When Girl Meets Oil: Five questions for Christine Bader
I recently posed a few questions for Christine about her new book, check out her responses below.
1) What’s the book about?
My book, “The Evolution of a Corporate Idealist: When Girl Meets Oil,” is about what it’s like to push for more responsible and sustainable practices inside big companies.
It uses my experience as its structure, recounting my nine years with BP: starting as a summer intern in the company’s headquarters in 1999 between the two years of my MBA, through my time with the company in Indonesia, China, then back in the U.K.; then as I transitioned to support Harvard professor John Ruggie in his role as U.N. Special Representative on business and human rights.
But the book is not just about me: I weave in stories and reflections from the many others doing similar work whom I’ve gotten to know over the years, and from advocates and other experts.
2. Why write it?
As I was writing home to friends and family from Indonesia and China — before blogs were blogs — people found my work really interesting! I realized not a lot of people know that companies have staff deep inside the company doing the sort of investments in communities and partnerships with NGOs that I was doing.
Then, after the Deepwater Horizon disaster, I really felt like I had to tell my story: not to defend BP, but to support a more sophisticated conversation than what always ensues after corporate disasters. Everyone assumes that the companies are evil, so the conversation always moves to trying to get the bad guys. Of course we should get the bad guys. But most people inside companies want to do good in the world. So we should be focusing on why they fail, and what they need to succeed.
3) Given your experience what is the role of voluntarism in oil/gas companies when it comes to corporate responsibility?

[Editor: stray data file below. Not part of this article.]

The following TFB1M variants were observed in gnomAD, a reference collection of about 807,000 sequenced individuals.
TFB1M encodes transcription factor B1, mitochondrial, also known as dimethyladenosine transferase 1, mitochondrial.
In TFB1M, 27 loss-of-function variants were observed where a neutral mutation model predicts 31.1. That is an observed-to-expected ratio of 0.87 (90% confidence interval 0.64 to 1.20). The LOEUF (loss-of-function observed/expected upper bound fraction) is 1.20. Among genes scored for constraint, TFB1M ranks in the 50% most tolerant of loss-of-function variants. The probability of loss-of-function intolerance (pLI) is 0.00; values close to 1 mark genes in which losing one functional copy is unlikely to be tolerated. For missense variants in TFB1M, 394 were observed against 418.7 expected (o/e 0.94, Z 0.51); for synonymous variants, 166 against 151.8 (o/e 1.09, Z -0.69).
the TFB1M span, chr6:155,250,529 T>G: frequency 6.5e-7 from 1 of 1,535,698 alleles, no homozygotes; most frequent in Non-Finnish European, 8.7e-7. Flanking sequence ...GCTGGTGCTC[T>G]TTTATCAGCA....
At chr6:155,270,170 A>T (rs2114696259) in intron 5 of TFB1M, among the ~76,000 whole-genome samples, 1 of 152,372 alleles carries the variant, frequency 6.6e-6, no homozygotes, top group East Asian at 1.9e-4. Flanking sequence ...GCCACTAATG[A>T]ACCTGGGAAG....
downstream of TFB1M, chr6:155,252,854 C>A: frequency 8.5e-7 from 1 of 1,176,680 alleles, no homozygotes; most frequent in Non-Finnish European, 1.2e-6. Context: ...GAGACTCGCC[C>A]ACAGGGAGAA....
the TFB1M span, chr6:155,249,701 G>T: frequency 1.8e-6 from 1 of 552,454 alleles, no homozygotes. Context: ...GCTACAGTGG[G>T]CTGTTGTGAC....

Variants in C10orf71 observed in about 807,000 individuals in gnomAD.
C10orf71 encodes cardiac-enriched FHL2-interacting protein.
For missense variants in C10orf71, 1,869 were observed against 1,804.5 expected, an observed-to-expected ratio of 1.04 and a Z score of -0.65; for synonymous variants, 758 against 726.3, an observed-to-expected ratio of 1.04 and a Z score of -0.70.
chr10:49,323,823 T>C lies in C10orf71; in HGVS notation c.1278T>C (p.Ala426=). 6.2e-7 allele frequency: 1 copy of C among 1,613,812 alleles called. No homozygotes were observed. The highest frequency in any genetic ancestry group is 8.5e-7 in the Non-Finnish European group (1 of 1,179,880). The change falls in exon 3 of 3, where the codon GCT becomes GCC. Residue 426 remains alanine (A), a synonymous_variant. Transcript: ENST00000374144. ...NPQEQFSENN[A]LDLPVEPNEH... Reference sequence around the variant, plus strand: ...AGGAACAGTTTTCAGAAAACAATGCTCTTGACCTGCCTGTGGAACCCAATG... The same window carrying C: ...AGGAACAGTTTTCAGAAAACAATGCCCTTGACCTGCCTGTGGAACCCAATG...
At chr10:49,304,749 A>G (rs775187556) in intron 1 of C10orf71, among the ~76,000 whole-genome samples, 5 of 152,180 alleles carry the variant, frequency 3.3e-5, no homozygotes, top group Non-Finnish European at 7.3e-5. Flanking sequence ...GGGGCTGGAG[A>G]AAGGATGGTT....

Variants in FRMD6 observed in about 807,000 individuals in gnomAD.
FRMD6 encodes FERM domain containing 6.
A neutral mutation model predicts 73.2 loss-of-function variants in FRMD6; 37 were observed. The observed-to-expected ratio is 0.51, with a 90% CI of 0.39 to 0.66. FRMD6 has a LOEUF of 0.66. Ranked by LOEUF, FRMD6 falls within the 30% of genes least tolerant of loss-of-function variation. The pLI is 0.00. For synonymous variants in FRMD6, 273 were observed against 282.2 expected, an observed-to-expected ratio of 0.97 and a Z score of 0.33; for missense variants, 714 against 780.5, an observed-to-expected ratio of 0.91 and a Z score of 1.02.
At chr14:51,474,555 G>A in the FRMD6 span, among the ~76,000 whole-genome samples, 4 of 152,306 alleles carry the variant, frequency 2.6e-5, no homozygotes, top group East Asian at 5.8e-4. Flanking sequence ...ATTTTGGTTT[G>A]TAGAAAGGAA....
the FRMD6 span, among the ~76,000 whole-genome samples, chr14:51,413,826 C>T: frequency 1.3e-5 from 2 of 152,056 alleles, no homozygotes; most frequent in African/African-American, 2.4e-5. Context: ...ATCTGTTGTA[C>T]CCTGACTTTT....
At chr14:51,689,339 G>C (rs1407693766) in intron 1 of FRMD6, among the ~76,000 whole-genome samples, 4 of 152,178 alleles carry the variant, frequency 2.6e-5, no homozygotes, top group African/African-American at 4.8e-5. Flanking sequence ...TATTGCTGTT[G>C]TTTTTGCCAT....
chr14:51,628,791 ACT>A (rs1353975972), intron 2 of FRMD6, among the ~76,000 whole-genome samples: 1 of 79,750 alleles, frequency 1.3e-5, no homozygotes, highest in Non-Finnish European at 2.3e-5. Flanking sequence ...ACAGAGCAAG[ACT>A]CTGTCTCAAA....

One of the most important lessons I learned from BP, which was reinforced by the U.N. mandate, is that this debate between voluntary and mandatory is really stale and not helpful. You and I don’t go about our days making every move based on what is legal and what is not! We act based in part on laws, but also on what principles we subscribe to — professional, religious, ethical, cultural, what have you — and what our peers are doing, and what our resources and goals are.
Companies act the same way: they are driven by law, but also by what their peer companies are doing, by the experience of their executives, by what their investors, customers, and partners are demanding, and what they want their brand and identity to be. So if you want to call that voluntarism, I think it’s extremely powerful.
4) How much have the super-major oil/gas companies really changed in the last 15 years? It seems to me they’ve become much more honest on green issues and much more engaged on social but lack ambition as change agents on both areas. Discuss…
I’ve seen companies become much more interested in internal processes, which is a good thing. They’re asking: How do we do human rights impact assessments? How can we make our reporting more meaningful, for both external stakeholders and internal constituencies? How should environmental and social issues be incorporated into our project approval and resource allocation processes?
Would it be nice to see all companies stand up and pronounce their intent to be leaders in sustainability? Sure, but I care much more about what they’re doing internally: If they’re really starting to embed these issues into how they do business, that’s a good thing for everyone.
5) What do you hope the book will achieve? Will oil people read it?
I do think that people in the energy industry will read it. And I’m sure that people in our world of corporate responsibility will read it. But Too Big to Fail wasn’t just read by people in finance, right? It was read by a much broader audience that wanted to understand who these people were that made these decisions: What were they thinking? What conversations did they have? And how did they have such a big impact on the rest of us?
I hope that the book will contribute to a more informed conversation about the role of business in society — that regulators, investors, customers, and the media will start asking better questions about what’s going on inside companies. I also hope that the book will support, inspire, and connect the people doing this work, and serve as a resource for anyone thinking about going into business — undergrad or grad students, or career switchers — whether into a CSR or sustainability role or not.